Page:Transactions of the Geological Society, 1st series, vol. 2.djvu/308

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Mr. Bennet on the Island of Teneriffe.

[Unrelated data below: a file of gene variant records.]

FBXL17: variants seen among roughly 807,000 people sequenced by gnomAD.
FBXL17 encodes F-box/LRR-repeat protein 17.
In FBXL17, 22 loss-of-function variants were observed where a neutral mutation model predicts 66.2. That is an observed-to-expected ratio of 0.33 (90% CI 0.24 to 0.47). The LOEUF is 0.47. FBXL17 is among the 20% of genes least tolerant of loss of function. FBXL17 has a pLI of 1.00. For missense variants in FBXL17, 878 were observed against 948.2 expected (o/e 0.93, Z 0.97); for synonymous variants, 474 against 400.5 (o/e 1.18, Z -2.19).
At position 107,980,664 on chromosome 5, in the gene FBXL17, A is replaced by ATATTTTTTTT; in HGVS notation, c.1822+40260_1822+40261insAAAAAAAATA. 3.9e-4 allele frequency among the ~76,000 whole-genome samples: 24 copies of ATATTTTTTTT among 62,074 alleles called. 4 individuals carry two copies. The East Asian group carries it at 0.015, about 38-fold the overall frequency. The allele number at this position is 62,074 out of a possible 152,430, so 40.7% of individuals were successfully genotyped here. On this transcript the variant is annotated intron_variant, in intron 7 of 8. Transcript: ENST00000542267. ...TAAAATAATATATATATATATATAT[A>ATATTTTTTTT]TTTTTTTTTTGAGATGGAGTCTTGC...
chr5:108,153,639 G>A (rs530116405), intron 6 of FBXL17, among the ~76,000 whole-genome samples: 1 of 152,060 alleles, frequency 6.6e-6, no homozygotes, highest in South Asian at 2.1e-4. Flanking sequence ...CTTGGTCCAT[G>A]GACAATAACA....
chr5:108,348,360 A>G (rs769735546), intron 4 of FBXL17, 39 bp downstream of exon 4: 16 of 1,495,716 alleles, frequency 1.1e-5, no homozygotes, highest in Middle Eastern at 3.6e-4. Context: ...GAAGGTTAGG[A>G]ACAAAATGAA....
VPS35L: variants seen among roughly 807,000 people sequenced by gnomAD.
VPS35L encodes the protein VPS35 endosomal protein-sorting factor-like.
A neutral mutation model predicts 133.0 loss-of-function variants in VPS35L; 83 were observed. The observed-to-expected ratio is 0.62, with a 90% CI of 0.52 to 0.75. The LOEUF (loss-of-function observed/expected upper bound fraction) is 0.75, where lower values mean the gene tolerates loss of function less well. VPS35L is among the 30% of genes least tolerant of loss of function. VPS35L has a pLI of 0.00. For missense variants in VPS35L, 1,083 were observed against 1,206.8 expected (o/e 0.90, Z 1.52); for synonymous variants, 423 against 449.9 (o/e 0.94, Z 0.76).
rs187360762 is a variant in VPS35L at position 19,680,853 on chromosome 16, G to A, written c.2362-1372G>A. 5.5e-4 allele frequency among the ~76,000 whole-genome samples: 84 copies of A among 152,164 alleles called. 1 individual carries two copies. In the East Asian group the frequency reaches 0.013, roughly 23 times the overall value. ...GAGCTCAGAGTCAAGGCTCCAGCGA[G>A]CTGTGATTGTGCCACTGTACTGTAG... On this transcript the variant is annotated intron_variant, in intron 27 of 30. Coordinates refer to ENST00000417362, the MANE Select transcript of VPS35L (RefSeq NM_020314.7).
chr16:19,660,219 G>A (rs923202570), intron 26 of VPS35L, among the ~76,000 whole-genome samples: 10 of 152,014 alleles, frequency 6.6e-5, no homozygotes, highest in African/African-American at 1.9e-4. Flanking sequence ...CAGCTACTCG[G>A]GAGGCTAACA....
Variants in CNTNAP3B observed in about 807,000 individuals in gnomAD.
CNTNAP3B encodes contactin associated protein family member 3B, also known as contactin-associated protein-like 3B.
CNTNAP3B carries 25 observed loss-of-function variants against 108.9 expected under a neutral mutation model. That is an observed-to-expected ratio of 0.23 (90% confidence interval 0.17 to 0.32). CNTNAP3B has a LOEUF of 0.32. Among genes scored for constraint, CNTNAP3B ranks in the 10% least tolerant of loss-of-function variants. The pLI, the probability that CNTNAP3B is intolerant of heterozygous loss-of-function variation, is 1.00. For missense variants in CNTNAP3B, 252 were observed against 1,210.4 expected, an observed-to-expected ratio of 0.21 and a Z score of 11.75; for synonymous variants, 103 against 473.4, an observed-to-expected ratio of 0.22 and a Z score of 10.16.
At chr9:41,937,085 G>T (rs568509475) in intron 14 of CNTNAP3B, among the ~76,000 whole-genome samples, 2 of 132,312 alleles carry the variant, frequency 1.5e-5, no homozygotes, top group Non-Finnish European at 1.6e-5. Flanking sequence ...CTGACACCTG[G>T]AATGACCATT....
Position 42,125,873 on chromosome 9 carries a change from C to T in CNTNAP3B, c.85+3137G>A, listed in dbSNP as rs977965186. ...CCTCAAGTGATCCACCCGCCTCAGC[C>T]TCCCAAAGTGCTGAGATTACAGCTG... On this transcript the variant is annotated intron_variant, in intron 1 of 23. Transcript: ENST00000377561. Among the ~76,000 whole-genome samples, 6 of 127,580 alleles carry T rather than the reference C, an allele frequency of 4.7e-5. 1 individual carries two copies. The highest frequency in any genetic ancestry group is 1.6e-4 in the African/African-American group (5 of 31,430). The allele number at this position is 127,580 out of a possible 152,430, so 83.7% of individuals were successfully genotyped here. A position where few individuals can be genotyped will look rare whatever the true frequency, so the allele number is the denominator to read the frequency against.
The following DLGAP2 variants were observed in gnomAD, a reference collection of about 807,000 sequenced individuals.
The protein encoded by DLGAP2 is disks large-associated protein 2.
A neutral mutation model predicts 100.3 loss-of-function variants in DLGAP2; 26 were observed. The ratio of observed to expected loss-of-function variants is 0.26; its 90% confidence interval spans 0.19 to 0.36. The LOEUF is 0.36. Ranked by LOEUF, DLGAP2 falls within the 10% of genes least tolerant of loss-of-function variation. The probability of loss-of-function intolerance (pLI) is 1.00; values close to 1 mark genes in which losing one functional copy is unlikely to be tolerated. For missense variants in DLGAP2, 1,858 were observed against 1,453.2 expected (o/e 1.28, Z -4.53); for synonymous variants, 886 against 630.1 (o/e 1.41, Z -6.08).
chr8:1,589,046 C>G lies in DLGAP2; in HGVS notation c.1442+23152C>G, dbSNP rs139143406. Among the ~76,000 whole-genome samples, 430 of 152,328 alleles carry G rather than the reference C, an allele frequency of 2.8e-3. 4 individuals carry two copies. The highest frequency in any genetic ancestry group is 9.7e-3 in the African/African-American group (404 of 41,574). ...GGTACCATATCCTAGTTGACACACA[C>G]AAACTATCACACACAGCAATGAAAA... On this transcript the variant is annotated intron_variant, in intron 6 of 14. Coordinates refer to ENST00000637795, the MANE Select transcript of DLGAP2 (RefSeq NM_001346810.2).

at first there appeared a bright streak of red on the horizon, which gradually spread itself, lighting up the heavens by degrees, and growing brighter and brighter till at last the sun burst forth from the bed of the ocean, gilding as it rose the mountains of Teneriffe and those of the great Canary; in a short time the whole country to the eastward lay spread out as a map, the great Canary was easily to be distinguished and its rugged and mountainous character, similar to that of the other islands, became visible to the naked eye. The cold at this time was intense, the wind keen and strong, and the thermometer sunk to 32 degrees; after a short though rapid ascent we reached the summit of the second stage of the mountain, we passed over a small plain of white pumice on which were spread masses of lava, and at length arrived at the foot of the cone. This division of the mountain forms what is generally termed the Peak of Teneriffe; it resembles the present crater of Vesuvius, with this difference, however, that while the surface of that mountain is composed of a black cinder or ash, the superficies of this appears to be a deposit of pumice of a white colour, of scoria and of lava, with here and there considerable masses that were probably thrown out when the volcano was in action. Towards the north-west on the right hand of our ascent, there is a small current of lava shewing itself above the pumice, the composition of which is similar to that at the bottom, though of a redder tinge; it is broken on the surface and is in a rapid state of decomposition. Numerous small cavities on the side of the mountain emitted vapour with considerable heat. Here begins, in my opinion, the only fatiguing part of the ascent; the steepness of the cone is excessive, at each step our feet sunk into the ash, and large masses of pumice and lava rolled down from above; we were all bruised and our fleet and legs were cut, but none materially hurt; at last we